October 1 marked the end of Banned Book Week 2016. Here at SUNY Plattsburgh, we celebrated with a Banned Book Read-Out in the library on Wednesday September 28. Students from Dr. Tracie Church Guzzio's ENG170 (Multicultural American Literature) class read excerpts from some of our favorite books that have appeared on banned or challenged book lists in recent years.
It's amazing how many books are challenged each year, and especially how many of those books fit into this year's theme of “books with diverse content." Novels that include people of color or LGBTQ issues are far more likely to be banned in schools/libraries across the country than those that do not. It is amazing that in a world where almost every child has access to tablets, smart phones, or laptops we choose to hide books from them.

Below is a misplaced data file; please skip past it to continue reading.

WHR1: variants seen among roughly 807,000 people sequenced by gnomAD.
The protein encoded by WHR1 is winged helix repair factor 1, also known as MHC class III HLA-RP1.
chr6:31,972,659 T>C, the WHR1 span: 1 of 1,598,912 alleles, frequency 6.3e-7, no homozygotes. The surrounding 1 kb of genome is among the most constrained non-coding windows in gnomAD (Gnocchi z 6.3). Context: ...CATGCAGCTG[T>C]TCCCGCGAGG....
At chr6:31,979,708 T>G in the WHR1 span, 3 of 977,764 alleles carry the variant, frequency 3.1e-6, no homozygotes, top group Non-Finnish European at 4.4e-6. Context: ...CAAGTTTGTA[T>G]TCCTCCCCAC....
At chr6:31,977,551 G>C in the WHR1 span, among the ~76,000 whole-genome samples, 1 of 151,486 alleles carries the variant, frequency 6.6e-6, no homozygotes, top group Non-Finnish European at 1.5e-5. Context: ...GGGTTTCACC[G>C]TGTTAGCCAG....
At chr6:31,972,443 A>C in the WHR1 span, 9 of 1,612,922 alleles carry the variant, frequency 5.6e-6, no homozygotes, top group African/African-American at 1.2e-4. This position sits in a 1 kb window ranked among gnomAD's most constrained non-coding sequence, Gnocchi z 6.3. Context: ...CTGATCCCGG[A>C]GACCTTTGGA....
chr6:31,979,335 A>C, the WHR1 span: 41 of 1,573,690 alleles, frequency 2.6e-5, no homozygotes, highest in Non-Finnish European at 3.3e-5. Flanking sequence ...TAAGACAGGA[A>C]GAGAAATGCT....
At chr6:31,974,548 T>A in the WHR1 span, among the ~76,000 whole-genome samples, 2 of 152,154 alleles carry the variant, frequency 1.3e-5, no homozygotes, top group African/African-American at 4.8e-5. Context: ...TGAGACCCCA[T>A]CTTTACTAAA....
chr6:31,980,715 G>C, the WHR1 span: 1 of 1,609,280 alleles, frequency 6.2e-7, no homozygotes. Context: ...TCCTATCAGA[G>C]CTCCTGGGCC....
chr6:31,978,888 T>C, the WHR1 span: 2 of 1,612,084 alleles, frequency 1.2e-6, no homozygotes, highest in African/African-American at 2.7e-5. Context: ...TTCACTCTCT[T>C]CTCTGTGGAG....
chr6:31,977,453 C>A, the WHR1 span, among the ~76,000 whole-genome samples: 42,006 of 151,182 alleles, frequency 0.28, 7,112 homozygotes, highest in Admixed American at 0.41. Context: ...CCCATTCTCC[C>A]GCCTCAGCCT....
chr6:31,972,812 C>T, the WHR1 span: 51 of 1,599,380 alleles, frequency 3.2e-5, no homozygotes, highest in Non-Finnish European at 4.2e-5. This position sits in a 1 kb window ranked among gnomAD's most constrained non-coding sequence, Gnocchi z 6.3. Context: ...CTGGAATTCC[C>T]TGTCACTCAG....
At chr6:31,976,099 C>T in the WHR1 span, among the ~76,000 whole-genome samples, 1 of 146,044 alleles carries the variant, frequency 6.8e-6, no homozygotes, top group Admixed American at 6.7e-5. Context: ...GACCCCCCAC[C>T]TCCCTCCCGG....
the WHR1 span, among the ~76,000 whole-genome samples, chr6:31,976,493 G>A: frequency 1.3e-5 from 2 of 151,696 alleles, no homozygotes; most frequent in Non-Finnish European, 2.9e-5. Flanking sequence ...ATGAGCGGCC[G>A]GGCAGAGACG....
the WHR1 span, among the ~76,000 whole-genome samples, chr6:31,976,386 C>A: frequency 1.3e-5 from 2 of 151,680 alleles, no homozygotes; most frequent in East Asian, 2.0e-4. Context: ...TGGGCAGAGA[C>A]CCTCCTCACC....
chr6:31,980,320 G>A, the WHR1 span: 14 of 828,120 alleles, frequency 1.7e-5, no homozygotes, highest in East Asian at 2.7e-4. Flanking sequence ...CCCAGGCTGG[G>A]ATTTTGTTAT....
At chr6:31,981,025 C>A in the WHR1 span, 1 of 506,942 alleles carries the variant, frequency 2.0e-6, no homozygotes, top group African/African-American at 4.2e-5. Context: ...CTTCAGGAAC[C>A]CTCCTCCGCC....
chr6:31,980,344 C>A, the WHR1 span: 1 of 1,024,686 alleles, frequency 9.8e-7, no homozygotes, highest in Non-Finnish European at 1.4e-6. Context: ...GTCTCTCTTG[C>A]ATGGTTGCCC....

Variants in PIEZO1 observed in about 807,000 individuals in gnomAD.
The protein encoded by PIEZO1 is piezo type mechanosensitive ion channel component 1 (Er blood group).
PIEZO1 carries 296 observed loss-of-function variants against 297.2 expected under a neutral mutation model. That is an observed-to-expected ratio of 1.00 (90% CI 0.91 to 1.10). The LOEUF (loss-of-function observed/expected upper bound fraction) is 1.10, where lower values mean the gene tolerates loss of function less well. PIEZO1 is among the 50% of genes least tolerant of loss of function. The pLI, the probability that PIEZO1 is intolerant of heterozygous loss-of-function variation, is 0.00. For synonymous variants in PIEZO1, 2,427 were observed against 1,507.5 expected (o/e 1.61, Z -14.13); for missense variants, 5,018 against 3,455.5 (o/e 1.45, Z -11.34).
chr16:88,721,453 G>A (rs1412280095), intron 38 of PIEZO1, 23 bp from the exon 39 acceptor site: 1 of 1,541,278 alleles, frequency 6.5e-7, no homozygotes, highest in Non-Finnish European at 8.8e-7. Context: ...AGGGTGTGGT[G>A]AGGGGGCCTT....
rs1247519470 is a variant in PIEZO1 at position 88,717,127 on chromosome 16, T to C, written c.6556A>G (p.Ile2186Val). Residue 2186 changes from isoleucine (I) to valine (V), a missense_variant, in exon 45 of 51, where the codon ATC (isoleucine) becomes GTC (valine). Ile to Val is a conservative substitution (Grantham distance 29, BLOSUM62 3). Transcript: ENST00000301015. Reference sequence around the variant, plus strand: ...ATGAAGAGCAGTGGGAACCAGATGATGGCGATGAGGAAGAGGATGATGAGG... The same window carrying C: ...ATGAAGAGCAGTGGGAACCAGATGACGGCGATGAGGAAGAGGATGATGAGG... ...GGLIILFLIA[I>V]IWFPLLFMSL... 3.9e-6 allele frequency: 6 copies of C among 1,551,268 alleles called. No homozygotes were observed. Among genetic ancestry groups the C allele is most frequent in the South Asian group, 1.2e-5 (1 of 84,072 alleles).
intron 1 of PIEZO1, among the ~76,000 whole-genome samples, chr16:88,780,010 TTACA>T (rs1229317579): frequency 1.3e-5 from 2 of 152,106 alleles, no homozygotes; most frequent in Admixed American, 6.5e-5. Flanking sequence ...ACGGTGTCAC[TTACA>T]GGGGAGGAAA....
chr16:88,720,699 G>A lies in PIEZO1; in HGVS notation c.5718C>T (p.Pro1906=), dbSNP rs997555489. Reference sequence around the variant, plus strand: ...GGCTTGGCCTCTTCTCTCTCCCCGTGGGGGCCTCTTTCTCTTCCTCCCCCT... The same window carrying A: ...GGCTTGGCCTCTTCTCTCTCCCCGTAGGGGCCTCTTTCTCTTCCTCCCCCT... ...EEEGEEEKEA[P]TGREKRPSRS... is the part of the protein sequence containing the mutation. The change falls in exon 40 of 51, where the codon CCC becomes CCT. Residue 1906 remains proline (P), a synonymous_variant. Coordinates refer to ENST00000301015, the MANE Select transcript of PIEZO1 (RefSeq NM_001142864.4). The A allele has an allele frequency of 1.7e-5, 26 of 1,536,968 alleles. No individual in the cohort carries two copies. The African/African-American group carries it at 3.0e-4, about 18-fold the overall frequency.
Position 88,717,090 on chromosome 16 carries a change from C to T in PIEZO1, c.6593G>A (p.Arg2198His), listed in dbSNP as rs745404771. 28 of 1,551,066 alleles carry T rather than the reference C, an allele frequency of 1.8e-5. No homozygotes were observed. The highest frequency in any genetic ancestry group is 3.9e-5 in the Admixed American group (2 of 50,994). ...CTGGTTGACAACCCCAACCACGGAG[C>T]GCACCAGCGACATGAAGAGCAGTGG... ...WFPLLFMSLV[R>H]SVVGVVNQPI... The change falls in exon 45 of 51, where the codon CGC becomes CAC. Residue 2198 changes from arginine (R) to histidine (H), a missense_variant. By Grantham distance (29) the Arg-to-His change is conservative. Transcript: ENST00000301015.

Walking down a middle school hallway could teach anyone curse words that they didn't even know existed, and a high school hallway is filled with more sexual innuendos and party talk than you could ever dream. Yet somehow, these are the same children who cannot handle a gay character. The same children who cannot be exposed to foul language, accurate historical depictions, or references to sex, drugs and alcohol.
I am grateful to have lived in a progressive community where many books on this list were actually taught in the classroom, but I know that not all students are afforded that opportunity. As a future educator, I realize the importance of giving voices to, and exposing students to the voices of all authors. Not every message is a positive one, but not every message in the real world is a positive one either. Students should know how to interpret these things for themselves, and the classroom is the best place to train them to do so.
In celebration of the week, I encourage you to visit www.ala.org and view the ever-growing list of book bannings across our nation. Read them. Talk about them. Share them. But most importantly, recognize the importance of them. Stand up for your right to read.